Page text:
Federal health officials have suggested that expanding voting by mail could help reduce crowds at polling places and therefore make elections safer amid the outbreak. The issues that have arisen in Wisconsin offer a warning for other states of the potential pitfalls of a rapid, last-minute expansion of absentee balloting, particularly one marred by a flurry of court challenges and 11th-hour rulings that created confusion and chaos.

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democracy, Elections, Social Problems, Wisconsin

Why Republicans Are So Afraid of Vote-by-Mail?

Public health officials recommend absentee ballots to keep people safe. But President Trump and his party, without evidence, portray expanded voting measures as ripe for fraud.

By Jim Rutenberg, Maggie Haberman and Nick Corasaniti April 8, 2020

President Trump and his Republican allies are launching an aggressive strategy to fight what many of the administration’s own health officials view as one of the most effective ways to make voting safer amid the deadly spread of Covid-19: the expanded use of mail-in ballots. The scene Tuesday of Wisconsinites in masks and gloves gathering in long lines to vote, after Republicans sued to defeat extended, mail-in ballot deadlines, did not deter the president and top officials in his party. Republican leaders said they were pushing ahead to fight state-level statutes that could expand absentee balloting in Michigan, Minnesota, Arizona and elsewhere. In New Mexico, Republicans are battling an effort to go to a mail-in-only primary, and they vowed on Wednesday to fight a new move to expand postal balloting in Minnesota.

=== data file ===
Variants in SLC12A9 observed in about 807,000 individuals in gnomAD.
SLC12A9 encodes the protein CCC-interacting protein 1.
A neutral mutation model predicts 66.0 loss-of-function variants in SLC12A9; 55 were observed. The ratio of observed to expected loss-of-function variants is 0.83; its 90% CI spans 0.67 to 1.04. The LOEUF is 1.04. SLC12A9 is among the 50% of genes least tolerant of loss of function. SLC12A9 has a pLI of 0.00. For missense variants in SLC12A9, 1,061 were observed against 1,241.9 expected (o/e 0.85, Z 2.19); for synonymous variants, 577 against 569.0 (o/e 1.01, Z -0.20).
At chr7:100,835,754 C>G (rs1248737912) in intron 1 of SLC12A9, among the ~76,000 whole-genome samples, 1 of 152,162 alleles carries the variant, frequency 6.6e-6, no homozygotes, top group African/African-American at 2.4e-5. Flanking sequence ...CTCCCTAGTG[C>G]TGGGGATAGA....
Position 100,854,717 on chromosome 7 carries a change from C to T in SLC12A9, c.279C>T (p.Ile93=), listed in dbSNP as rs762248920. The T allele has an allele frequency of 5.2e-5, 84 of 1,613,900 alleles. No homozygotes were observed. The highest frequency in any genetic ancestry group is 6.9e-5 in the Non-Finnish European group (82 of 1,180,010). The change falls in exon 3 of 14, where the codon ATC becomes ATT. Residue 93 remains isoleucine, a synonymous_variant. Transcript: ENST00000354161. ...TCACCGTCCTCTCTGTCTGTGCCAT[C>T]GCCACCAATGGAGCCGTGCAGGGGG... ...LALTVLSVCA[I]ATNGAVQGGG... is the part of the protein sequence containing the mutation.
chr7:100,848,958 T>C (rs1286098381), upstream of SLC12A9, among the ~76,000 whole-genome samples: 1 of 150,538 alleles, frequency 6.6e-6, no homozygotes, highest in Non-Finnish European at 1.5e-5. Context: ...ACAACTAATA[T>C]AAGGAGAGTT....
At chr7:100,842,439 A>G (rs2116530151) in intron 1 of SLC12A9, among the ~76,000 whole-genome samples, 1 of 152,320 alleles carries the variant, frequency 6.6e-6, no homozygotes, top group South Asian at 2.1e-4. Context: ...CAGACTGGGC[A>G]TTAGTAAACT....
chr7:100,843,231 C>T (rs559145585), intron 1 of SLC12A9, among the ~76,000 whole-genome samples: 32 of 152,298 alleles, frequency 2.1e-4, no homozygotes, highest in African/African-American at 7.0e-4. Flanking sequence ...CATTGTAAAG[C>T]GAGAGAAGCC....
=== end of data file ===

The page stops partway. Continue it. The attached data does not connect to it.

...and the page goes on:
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Healthcare, Race, Social Problems, Wisconsin

Early Data Shows African Americans Have Contracted and Died of Coronavirus at an Alarming Rate

No, the coronavirus is not an “equalizer.” Black people are being infected and dying at higher rates. Here’s what Milwaukee is doing about it — and why governments need to start releasing data on the race of COVID-19 patients.

by Akilah Johnson and Talia Buford April 3, 1:21 p.m.

Is the United States Prepared for COVID-19? The coronavirus entered Milwaukee from a white, affluent suburb. Then it took root in the city’s black community and erupted. As public health officials watched cases rise in March, too many in the community shrugged off warnings. Rumors and conspiracy theories proliferated on social media, pushing the bogus idea that black people are somehow immune to the disease. And much of the initial focus was on international travel, so those who knew no one returning from Asia or Europe were quick to dismiss the risk.

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African-Americans, Healthcare, poverty, Race, Stratification, Wisconsin

Opinion: Social Distancing Is a Privilege. The idea that this virus is an equal-opportunity killer must itself be killed.